therefore, after modifying the code to implement all of the above, here is what you will have:

import java.io.BufferedReader;
import java.io.IOException;
import java.io.InputStreamReader;
import java.util.Set;
import java.util.TreeSet;

public class Solution {

private static void getDigitSum(long num,int[] arr) {

    long sum = 0;
    long squareSum = 0;
//    for (long tempNum = num; tempNum > 0; tempNum = tempNum / 10) {
//        if (tempNum < 0) {
//            sum = sum + tempNum;
//            squareSum = squareSum + (tempNum * tempNum);
//        } else {
//            long temp = tempNum % 10;
//            sum = sum + temp;
//            squareSum = squareSum + (temp * temp);
//
//        }
//    }
    arr[0] = (int)sum;
    arr[1] = (int)squareSum;
    // System.out.println("sum Of digits: " + twoDoubles[0]);
    // System.out.println("squareSum Of digits: " + twoDoubles[1]);

}

public static boolean[] getPrimeSet(int maxValue) {
    boolean[] primeArray = new boolean[maxValue + 1];
    for (int i = 2; i < primeArray.length; i++) {
        primeArray[i] = true;
    }

    for (int i = 2; i < maxValue; i++) {
        if (primeArray[i]) {
            markMutiplesAsComposite(primeArray, i);
        }
    }

    return primeArray;
}

public static void markMutiplesAsComposite(boolean[] primeArray, int value) {
    for (int i = 2; i*value < primeArray.length; i++) {
        primeArray[i * value] = false;

    }
}

public static void main(String args[]) throws NumberFormatException,
        IOException {
    // getDigitSum(80001001000l);
    //System.out.println(getPrimeSet(1600));
    boolean[] primeArray = getPrimeSet(1600);
    //BufferedReader br = new BufferedReader(new InputStreamReader(System.in));
    int totalCases = 1;
    for (int cases = 0; cases < totalCases; cases++) {
        //String[] str = br.readLine().split(" ");
        long startRange = Long.parseLong("1");
        long endRange = Long.parseLong("1000000000");
        int luckyCount = 0;
        int[] longArray=new int[2];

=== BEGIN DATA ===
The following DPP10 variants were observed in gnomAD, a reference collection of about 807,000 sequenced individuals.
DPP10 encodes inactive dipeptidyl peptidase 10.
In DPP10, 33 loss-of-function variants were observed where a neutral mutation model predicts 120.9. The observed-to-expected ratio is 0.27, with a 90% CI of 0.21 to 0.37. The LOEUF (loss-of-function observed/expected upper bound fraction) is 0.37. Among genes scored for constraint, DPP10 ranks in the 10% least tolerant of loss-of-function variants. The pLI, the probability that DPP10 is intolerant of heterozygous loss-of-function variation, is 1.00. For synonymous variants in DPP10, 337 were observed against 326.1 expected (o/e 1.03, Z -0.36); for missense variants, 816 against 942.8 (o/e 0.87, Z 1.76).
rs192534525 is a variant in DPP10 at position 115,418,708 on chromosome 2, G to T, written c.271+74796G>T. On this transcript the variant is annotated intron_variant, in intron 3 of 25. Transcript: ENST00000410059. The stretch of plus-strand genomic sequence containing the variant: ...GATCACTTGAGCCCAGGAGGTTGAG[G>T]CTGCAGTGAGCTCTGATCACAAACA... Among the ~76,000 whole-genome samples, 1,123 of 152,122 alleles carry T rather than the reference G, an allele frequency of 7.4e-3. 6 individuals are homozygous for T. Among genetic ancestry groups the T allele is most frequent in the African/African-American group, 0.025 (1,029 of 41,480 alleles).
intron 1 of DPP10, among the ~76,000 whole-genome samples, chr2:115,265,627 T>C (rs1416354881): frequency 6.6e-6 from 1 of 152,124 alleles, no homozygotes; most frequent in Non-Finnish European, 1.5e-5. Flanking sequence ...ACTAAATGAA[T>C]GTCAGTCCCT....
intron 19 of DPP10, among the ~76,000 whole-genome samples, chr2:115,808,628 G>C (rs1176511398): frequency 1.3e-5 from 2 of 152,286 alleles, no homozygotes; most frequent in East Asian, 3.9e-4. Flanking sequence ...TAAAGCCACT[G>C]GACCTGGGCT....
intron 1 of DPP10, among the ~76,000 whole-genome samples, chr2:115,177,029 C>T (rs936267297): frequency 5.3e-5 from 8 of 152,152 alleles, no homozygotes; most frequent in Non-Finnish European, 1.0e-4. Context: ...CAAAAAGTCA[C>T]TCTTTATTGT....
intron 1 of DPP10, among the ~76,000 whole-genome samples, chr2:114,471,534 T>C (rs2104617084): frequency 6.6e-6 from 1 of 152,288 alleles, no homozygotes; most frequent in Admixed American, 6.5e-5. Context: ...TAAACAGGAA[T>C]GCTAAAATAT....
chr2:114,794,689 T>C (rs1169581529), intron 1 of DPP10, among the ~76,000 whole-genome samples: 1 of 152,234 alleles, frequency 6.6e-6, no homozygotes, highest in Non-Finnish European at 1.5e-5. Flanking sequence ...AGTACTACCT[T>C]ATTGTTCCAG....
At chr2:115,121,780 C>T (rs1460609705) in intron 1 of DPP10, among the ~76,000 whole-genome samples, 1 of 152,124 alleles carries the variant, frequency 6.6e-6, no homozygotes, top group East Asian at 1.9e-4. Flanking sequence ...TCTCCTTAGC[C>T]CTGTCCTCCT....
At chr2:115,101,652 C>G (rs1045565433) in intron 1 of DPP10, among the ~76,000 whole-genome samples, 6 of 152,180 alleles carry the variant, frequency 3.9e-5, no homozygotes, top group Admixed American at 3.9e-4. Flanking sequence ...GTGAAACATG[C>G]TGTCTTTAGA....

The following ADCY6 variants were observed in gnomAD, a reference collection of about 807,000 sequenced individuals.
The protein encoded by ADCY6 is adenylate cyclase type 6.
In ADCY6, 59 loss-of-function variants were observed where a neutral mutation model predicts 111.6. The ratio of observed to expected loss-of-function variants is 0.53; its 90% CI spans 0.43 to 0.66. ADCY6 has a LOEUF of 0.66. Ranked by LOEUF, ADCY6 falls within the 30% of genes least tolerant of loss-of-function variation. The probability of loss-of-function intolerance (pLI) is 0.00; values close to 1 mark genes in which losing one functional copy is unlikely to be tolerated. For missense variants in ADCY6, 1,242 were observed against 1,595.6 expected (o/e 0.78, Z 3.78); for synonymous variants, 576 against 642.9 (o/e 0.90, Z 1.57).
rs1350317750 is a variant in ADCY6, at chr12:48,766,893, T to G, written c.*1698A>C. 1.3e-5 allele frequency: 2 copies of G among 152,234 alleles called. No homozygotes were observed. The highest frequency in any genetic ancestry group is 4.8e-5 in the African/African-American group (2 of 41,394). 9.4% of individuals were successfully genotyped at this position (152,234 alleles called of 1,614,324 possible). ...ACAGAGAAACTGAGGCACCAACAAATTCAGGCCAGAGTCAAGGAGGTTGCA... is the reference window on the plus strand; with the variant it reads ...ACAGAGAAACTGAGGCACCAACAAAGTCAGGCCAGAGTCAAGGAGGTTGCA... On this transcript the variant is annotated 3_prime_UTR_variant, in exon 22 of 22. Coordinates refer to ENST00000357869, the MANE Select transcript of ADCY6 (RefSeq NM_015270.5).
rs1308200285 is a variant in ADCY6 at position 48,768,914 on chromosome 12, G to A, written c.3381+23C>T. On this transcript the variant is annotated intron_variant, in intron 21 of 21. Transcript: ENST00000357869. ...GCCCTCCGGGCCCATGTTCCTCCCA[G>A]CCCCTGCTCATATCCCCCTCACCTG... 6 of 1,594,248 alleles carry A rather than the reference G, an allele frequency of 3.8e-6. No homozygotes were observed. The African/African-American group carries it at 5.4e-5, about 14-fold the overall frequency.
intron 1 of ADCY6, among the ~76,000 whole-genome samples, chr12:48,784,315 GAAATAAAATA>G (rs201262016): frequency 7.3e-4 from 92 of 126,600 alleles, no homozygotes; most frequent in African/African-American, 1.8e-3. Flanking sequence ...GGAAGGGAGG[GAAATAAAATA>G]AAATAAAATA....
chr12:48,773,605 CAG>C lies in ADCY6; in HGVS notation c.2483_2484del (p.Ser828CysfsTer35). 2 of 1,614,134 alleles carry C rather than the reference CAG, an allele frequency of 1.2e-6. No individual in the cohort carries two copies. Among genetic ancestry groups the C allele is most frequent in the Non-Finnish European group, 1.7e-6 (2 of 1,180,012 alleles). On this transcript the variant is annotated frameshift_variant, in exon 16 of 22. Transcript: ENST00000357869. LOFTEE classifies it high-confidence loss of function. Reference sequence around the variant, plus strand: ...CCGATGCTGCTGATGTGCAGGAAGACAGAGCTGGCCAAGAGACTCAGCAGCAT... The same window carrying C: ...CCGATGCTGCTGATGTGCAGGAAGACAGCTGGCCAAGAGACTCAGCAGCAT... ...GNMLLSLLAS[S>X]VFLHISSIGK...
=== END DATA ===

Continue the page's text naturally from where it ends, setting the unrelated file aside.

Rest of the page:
for (long num = startRange; num <= endRange; num++) {
            getDigitSum(num,longArray); //this method was commented for testing purpose and was replaced with any two hardcoded values
            if(primeArray[longArray[0]] && primeArray[longArray[1]]){
                luckyCount++;
            }


        }
        System.out.println(luckyCount);
    }

}
}

Running the code takes 4 seconds.

the billion iterations cost 4 seconds instead of 5 minutes 8 seconds, that is an improvement. the only issue left is the actual calculation of the sum of digits and sum of squares of digits. that code i commented out (as you can see in the code i posted). if you uncomment it, the runtime will take 6-7 minutes. and here, there is nothing to improve except if you find some mathematical way to have incremental calculation based on previous results.

\$\endgroup\$
3
  • \$\begingroup\$ long startRange = Long.parseLong("1"); long endRange = Long.parseLong("1000000000"); can be changed in for(long num = 1L; num<=1000000000L;..) \$\endgroup\$
    – cl-r
    Oct 25, 2012 at 14:15
  • \$\begingroup\$ Thanks @cl-r. that is true. when i made the code i tried to keep the origin for minimal changes as actually they are read from the commented out line : //String[] str = br.readLine().split(" "); so they were initialized from Strings so i just replaced the str[0] with the String "1" and so with the other one. \$\endgroup\$
    – user7033
    Oct 25, 2012 at 14:26
  • \$\begingroup\$ I'm just asking me if num <1000000001L is a better solution : compile have just to test once < and not < && =? \$\endgroup\$
    – cl-r
    Oct 25, 2012 at 14:42
0
\$\begingroup\$

If I'm right the following is the same:

final Set<Integer> set = new TreeSet<Integer>();
//some logic to populate 1600 numbers
for (int cases = 0; cases < totalCases; cases++) {
    final String[] str = br.readLine().split(" ");
    final long startRange = Long.parseLong(str[0]);
    final long endRange = Long.parseLong(str[1]);
    int luckyCount = 0;
    final int[] longArray = { 1600, 1501 };
    if (set.contains(longArray[0]) && set.contains(longArray[1])) {
        luckyCount += (endRange - startRange + 1);
    }
    System.out.println(luckyCount);
}

It eliminates an unnecessary loop.

\$\endgroup\$
1
  • \$\begingroup\$ no they aren't same ..please check my edited pst \$\endgroup\$ Oct 9, 2012 at 21:57

Your Answer

By clicking “Post Your Answer”, you agree to our terms of service, privacy policy and cookie policy

Not the answer you're looking for? Browse other questions tagged or ask your own question.